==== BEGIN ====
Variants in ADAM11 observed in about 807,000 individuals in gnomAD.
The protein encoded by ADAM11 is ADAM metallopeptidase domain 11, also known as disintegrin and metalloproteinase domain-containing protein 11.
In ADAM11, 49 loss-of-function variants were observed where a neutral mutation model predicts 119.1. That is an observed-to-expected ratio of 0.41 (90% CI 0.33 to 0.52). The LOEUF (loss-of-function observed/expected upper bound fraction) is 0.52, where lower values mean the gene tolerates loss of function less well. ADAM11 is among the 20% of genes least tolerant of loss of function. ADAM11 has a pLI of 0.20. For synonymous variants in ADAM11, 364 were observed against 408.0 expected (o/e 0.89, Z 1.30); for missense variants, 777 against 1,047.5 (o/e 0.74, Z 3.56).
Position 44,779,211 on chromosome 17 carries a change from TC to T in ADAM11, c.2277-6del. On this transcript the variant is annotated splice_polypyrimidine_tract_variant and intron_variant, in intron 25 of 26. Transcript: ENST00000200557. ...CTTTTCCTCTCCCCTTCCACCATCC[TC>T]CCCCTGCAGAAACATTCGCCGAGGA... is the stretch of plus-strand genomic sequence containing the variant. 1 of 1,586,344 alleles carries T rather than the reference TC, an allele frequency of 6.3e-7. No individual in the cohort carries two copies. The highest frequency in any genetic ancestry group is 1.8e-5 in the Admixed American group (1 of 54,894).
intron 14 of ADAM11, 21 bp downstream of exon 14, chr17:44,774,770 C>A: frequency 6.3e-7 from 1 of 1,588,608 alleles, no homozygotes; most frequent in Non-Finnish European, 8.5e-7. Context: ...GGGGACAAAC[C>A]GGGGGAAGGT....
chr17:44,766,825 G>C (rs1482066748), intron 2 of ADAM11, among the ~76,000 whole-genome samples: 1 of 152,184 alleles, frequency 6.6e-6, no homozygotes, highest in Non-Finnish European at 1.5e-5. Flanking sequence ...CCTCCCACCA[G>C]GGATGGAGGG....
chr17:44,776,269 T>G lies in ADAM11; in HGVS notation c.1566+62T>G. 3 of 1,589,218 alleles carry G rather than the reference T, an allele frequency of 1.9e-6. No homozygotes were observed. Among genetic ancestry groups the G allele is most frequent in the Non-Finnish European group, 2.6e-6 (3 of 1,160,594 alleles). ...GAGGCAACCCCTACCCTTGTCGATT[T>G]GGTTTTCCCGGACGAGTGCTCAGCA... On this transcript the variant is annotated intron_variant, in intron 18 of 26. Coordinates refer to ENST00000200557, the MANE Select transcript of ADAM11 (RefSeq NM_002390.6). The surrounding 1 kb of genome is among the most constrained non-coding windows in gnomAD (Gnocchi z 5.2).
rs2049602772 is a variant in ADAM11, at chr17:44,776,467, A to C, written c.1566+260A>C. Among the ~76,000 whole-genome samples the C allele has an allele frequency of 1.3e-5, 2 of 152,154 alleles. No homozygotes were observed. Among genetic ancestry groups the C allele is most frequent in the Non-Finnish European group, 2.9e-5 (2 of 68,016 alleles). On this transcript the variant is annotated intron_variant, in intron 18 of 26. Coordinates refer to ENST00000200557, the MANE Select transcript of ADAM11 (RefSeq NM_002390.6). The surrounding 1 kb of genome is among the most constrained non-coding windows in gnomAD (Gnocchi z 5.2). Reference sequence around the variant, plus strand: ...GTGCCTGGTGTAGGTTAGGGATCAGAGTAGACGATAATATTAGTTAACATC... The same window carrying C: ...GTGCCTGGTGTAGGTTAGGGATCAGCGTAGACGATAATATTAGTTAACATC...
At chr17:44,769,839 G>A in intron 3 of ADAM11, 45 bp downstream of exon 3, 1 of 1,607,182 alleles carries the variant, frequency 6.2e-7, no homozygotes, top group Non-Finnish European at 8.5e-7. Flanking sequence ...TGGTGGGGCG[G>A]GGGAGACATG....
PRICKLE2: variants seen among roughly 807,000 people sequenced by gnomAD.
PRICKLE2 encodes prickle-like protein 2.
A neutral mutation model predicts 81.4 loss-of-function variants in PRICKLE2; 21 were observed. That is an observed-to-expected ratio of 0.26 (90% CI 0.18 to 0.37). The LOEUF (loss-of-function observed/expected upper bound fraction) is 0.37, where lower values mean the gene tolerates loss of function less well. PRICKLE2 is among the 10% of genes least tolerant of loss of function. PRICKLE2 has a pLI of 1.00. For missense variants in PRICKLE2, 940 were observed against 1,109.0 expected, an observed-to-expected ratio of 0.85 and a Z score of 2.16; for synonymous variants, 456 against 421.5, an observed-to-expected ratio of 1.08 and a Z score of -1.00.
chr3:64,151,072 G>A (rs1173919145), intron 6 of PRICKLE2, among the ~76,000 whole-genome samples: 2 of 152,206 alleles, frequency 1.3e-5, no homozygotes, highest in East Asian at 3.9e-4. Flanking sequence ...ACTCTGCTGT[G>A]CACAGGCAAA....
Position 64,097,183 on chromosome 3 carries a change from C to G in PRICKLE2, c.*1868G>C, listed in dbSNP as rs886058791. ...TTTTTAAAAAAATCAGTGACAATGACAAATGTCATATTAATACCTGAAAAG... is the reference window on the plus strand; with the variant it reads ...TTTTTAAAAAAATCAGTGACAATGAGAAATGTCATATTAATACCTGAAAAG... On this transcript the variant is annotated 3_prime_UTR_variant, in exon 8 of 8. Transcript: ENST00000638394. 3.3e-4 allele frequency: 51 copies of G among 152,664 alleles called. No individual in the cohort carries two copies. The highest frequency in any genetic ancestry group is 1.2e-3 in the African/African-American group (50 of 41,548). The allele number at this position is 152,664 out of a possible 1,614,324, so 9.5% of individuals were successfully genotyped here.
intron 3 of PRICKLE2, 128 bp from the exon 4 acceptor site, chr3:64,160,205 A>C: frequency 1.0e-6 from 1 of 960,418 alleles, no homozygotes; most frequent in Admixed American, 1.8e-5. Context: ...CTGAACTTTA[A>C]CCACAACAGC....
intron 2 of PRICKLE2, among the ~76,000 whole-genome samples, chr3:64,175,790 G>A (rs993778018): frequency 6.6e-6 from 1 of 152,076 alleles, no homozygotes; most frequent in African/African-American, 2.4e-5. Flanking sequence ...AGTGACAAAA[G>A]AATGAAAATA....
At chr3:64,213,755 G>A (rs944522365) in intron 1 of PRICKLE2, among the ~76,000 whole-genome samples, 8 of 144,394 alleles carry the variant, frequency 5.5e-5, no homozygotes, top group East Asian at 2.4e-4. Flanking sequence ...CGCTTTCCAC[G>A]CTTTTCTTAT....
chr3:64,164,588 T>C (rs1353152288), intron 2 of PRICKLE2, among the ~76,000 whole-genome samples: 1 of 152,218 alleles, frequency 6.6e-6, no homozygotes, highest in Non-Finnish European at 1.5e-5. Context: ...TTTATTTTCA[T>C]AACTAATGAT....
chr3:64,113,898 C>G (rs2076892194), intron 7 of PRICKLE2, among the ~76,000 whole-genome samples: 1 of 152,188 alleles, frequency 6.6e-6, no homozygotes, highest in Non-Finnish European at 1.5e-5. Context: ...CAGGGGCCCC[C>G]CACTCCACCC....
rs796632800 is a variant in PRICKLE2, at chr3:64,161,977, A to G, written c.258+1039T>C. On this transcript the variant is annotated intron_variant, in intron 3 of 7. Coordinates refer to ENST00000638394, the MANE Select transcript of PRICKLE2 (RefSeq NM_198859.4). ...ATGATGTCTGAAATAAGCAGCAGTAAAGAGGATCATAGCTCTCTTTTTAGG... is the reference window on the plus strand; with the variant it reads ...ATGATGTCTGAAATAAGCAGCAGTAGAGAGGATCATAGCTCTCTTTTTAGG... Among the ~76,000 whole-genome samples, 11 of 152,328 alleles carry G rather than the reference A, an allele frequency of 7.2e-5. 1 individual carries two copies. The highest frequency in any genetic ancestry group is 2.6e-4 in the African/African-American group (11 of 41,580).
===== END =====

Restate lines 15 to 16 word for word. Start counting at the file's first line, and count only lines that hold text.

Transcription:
intron 3 of PRICKLE2, 128 bp from the exon 4 acceptor site, chr3:64,160,205 A>C: frequency 1.0e-6 from 1 of 960,418 alleles, no homozygotes; most frequent in Admixed American, 1.8e-5. Context: ...CTGAACTTTA[A>C]CCACAACAGC....
intron 2 of PRICKLE2, among the ~76,000 whole-genome samples, chr3:64,175,790 G>A (rs993778018): frequency 6.6e-6 from 1 of 152,076 alleles, no homozygotes; most frequent in African/African-American, 2.4e-5. Flanking sequence ...AGTGACAAAA[G>A]AATGAAAATA....